Washing Line Basket

Here’s basket experiment number 4. In this one, I crocheted around 5mm washing line to see if that would strengthen the structure enough to make a real biggy. I’m aiming to get to washing basket size, and with this one I’ve just about made it.

The basket is more robust than using the chunky yarn alone. There’s an assortment of washing lines used, whatever I could find cheap on ebay until I settled on a reasonably-priced source for braided nylon rope. The piece ended up being about 40cm tall, and the same in diameter in the main body, flaring out at the rim. The thing is, I didn’t shape the body at all. I only put an increase on the final few rows to exaggerate the flare. The rest of it is just what happens when I held a steady row count.  It tends to bulge out a bit from the flat base, then pull in, then it starts to collapse outwards again under its own weight. There’s only so far you can push it.

The Mermaid’s Pool basket is now available in my etsy shop.**

If you want to try it for yourself, here’s how. It’s a bit grandiose to call it a pattern, so maybe a method? (UK terminology). You’ll need about 10 balls of chunky yarn (I’m using Cygnet Seriously Chunky), an appropriate hook (6mm for me), and around 40m of washing line, more if you’re going to reinforce the base. I didn’t.

The base follows the standard pattern of increasing for amigurumi to create a flat circle. The whole basket is worked in spiral crochet, as for amigurumi. You only need to know dc (sc for USA), how to do a magic ring, and how to increase, i.e. crochet two dcs into one stitch.

Row 1: dc 6 into a magic ring. (6 stitches) Alternatively, chain 3, join into a circle with a slip stich, and then dc 6 into the centre of the circle.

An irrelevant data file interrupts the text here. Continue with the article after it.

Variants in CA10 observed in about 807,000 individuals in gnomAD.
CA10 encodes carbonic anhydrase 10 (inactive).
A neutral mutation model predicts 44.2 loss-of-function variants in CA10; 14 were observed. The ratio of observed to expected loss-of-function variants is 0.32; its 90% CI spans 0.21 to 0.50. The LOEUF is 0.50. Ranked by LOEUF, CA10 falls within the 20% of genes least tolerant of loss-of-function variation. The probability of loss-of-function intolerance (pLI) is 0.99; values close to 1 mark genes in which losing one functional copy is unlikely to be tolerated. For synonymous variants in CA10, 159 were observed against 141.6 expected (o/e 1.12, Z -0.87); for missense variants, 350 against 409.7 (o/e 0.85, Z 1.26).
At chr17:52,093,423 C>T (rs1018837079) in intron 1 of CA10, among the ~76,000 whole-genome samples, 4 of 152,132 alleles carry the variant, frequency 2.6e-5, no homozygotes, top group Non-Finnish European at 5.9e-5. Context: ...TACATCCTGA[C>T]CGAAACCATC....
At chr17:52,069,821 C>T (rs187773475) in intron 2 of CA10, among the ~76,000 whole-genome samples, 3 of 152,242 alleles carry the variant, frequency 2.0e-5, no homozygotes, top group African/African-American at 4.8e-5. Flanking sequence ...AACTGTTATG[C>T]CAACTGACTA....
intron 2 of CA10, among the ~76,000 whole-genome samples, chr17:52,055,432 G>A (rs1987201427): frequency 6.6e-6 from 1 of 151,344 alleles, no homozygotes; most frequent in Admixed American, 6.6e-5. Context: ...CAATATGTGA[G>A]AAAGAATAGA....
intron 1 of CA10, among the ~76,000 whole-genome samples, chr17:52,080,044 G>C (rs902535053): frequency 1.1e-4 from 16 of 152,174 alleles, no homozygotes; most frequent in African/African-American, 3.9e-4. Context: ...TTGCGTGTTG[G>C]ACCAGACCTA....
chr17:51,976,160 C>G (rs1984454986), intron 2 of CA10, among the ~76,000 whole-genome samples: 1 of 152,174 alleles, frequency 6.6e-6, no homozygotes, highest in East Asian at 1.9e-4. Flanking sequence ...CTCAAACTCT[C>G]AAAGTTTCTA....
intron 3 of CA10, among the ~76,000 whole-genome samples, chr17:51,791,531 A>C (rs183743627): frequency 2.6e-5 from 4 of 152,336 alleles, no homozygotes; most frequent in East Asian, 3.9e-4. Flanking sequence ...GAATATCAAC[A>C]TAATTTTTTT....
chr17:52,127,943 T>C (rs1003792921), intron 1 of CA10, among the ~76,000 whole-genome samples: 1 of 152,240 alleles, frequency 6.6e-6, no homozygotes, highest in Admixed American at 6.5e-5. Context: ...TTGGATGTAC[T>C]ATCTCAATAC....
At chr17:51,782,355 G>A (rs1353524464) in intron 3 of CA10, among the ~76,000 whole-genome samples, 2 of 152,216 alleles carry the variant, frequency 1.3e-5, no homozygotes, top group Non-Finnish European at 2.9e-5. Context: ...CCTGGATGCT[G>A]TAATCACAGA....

Row 2: 2dc into each stitch. (12 stitches)  i.e. increase every stitch. If you’re reinforcing the base, start crocheting over the washing line here.
Row 3: (dc into next stitch, 2dc into next stitch), repeat until end of row. (18 stitches) i.e. increase every other stitch.
Row 4: (dc, dc, 2dc), repeat until end of row. (24 stitches) i.e. increase every 2 stitches.
Row 5: (dc, dc, dc, 2dc) repeat until end of row (30 stitches) i.e. increase every 3 stitches.
Row 6: (dc, dc, dc, dc, 2dc) repeat until end of row (36 stitches) i.e. increase every 4 stitches.

Follow this pattern of increases until you get the size base you want. I went up to 22 rows, i.e. increasing every 20 stitches, which gave me 132 stitches per row.

If you haven’t used the washing line as a core yet, start now.  Maintain the row count and make your basket as high as you like, or until it starts bending outwards too much. I did about 35 rows.

If you want to flare the rim a bit more, try increasing every 7 stitches for the last 3 rows.

For each handle, crochet a straight, flat piece of dc. (I used 5 rows of 40 stitches). Fold in half into a long tube and stitch together along the long side . Curve the tube into a ring and stitch the ends together.

To attach each handle, crochet another straight, flat piece of dc, long enough to wrap around the handle with a little room to spare so the handle can move. (I used 10 rows of 13 stitches).  Wrap around the handle to hide the end join and stitch the ends together without stitching through the handle. Stitch securely to basket.

Ta dah! You’re done. Apart from weaving all the ends in. Sigh. Then you’re done. If you give it a try, I’d love to see the results!

** Costing takes into account the amount of yarn and line needed to make it. While I’m still experimenting, I am definitely underpaying myself for my time.

Leave a Reply

Fill in your details below or click an icon to log in:

WordPress.com Logo

You are commenting using your WordPress.com account. Log Out /  Change )

Google+ photo

You are commenting using your Google+ account. Log Out /  Change )

Twitter picture

You are commenting using your Twitter account. Log Out /  Change )

Facebook photo

You are commenting using your Facebook account. Log Out /  Change )

Connecting to %s